Verses 7, 8 and 9: These verses feel like what's called a dark night of the soul. All consolations have left him. He can't see the light at the end of the tunnel. In the present moment he feels abandoned by God. He knows that God grants favors, is full of loving-kindness, and compassion, but now he worries that God might even be angry with him. Poor fellow. We might know this place or someone close who suffers this way. 

Verses 10 and 11: In these verses the psalmist is having a real heart-to-heart with himself. What a struggle! He says to God, "Maybe you're not omnipotent after all." Then he shifts again, remembering all God has done for him and his people. He's very fair with God: calling to mind God's wonders of old and meditating on God's mighty past deeds. 

Verse 13: "Who is so great a god as our God?" Notice he says "our God." He recognizes he's not alone but is part of a larger community. We might shout-out confidence that God will see the Church through difficult times, where there is scandal, indifference, persecution, divisions and closures. I'm remembering that as a boy, one of the first things I learned about God came off of television: God is good; God is great... That was the way the Romper Room Gace Before a Snack began.  I never want to forget that.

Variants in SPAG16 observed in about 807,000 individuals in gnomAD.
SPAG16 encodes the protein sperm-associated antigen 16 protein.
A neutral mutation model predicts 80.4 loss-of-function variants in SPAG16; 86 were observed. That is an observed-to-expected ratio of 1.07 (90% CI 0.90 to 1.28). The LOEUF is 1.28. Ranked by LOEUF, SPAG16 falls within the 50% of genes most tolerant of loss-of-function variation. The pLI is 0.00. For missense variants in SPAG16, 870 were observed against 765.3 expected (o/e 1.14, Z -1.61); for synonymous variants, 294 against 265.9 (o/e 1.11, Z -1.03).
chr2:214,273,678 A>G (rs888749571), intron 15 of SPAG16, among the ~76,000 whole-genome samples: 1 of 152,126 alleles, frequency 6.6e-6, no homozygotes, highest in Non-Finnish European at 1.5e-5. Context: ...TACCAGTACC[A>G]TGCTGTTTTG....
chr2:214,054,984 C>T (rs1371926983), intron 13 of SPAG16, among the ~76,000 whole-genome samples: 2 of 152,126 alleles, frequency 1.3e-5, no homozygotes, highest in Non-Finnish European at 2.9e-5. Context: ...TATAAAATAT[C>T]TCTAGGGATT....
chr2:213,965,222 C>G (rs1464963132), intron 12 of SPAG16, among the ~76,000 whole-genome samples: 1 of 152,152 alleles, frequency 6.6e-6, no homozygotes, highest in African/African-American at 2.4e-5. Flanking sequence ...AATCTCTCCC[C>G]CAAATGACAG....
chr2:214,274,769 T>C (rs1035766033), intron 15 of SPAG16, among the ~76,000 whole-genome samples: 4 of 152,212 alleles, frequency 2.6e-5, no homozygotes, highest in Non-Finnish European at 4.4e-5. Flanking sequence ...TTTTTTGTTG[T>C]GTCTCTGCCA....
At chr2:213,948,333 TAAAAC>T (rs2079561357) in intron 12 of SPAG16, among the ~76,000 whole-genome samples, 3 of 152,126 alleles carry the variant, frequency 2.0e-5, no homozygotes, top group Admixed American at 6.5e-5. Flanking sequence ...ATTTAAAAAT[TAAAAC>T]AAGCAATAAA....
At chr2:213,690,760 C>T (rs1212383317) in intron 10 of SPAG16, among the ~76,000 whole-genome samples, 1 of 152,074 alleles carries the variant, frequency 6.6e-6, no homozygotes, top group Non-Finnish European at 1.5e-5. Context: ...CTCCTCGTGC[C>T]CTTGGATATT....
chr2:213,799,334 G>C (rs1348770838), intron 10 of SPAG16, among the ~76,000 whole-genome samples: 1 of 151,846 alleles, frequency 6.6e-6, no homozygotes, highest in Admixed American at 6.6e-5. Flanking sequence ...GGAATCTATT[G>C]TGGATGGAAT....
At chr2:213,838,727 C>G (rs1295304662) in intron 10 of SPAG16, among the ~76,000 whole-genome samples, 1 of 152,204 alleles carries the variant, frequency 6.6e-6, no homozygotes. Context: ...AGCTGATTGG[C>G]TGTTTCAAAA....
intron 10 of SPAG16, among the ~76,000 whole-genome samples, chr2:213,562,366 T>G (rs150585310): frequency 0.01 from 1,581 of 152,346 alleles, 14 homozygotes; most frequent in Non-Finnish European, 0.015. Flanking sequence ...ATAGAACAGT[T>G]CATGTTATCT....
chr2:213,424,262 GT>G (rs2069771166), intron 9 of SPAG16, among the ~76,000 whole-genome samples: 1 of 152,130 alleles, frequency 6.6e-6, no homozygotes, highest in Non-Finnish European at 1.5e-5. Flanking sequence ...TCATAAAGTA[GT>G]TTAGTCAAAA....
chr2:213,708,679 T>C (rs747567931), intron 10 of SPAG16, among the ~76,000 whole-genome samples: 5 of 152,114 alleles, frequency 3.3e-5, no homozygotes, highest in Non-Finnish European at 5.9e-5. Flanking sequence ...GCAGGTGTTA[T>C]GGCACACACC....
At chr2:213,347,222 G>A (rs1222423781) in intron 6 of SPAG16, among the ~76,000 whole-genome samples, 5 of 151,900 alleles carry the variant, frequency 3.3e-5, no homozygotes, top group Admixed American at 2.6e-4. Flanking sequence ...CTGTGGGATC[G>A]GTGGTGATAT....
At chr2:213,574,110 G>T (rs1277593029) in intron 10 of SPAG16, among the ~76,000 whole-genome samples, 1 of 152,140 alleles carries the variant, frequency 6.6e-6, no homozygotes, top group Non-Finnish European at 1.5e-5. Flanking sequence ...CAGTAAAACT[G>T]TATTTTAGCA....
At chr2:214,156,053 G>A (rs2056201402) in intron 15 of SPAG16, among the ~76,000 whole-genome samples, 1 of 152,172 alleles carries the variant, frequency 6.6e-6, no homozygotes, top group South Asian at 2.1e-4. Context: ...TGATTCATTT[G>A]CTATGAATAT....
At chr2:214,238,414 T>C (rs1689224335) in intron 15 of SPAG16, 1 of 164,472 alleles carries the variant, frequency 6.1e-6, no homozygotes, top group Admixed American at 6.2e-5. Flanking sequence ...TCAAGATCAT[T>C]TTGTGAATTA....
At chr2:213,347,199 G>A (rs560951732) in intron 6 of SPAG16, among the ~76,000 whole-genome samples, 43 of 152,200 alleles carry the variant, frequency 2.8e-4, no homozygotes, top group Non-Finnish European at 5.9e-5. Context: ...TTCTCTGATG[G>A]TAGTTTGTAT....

Verses 14 and 15: This fellow seems to acknowledge that there are other gods, but only his God works wonders. Of course there are other gods; we create them all the time. Anything that we think is really supreme or first or matters the most. Remember the monk who went into one of the well-known stores with the million products for sale: "The THINGDOM come" he called it.